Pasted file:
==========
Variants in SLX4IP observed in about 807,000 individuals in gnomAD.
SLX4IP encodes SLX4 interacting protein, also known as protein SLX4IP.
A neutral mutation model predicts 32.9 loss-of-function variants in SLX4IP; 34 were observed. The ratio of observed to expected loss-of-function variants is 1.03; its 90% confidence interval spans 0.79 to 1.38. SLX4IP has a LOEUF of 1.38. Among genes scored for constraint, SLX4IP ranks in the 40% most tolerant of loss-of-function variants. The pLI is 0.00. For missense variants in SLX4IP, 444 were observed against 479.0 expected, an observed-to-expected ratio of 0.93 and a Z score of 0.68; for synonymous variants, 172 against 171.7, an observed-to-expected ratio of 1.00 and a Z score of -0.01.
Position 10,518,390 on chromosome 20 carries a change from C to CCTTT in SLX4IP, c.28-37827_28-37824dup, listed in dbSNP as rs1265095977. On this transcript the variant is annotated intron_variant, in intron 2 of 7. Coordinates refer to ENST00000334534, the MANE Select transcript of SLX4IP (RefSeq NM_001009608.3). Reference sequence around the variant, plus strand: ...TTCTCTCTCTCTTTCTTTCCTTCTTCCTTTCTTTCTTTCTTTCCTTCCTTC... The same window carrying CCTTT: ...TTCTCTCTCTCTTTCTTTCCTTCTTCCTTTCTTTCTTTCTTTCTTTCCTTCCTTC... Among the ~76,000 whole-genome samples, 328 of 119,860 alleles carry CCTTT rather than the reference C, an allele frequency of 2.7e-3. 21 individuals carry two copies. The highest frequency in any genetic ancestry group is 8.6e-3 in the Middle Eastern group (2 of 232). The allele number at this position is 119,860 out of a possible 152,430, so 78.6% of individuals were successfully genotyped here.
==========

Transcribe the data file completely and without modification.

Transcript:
Variants in SLX4IP observed in about 807,000 individuals in gnomAD.
SLX4IP encodes SLX4 interacting protein, also known as protein SLX4IP.
A neutral mutation model predicts 32.9 loss-of-function variants in SLX4IP; 34 were observed. The ratio of observed to expected loss-of-function variants is 1.03; its 90% confidence interval spans 0.79 to 1.38. SLX4IP has a LOEUF of 1.38. Among genes scored for constraint, SLX4IP ranks in the 40% most tolerant of loss-of-function variants. The pLI is 0.00. For missense variants in SLX4IP, 444 were observed against 479.0 expected, an observed-to-expected ratio of 0.93 and a Z score of 0.68; for synonymous variants, 172 against 171.7, an observed-to-expected ratio of 1.00 and a Z score of -0.01.
Position 10,518,390 on chromosome 20 carries a change from C to CCTTT in SLX4IP, c.28-37827_28-37824dup, listed in dbSNP as rs1265095977. On this transcript the variant is annotated intron_variant, in intron 2 of 7. Coordinates refer to ENST00000334534, the MANE Select transcript of SLX4IP (RefSeq NM_001009608.3). Reference sequence around the variant, plus strand: ...TTCTCTCTCTCTTTCTTTCCTTCTTCCTTTCTTTCTTTCTTTCCTTCCTTC... The same window carrying CCTTT: ...TTCTCTCTCTCTTTCTTTCCTTCTTCCTTTCTTTCTTTCTTTCTTTCCTTCCTTC... Among the ~76,000 whole-genome samples, 328 of 119,860 alleles carry CCTTT rather than the reference C, an allele frequency of 2.7e-3. 21 individuals carry two copies. The highest frequency in any genetic ancestry group is 8.6e-3 in the Middle Eastern group (2 of 232). The allele number at this position is 119,860 out of a possible 152,430, so 78.6% of individuals were successfully genotyped here.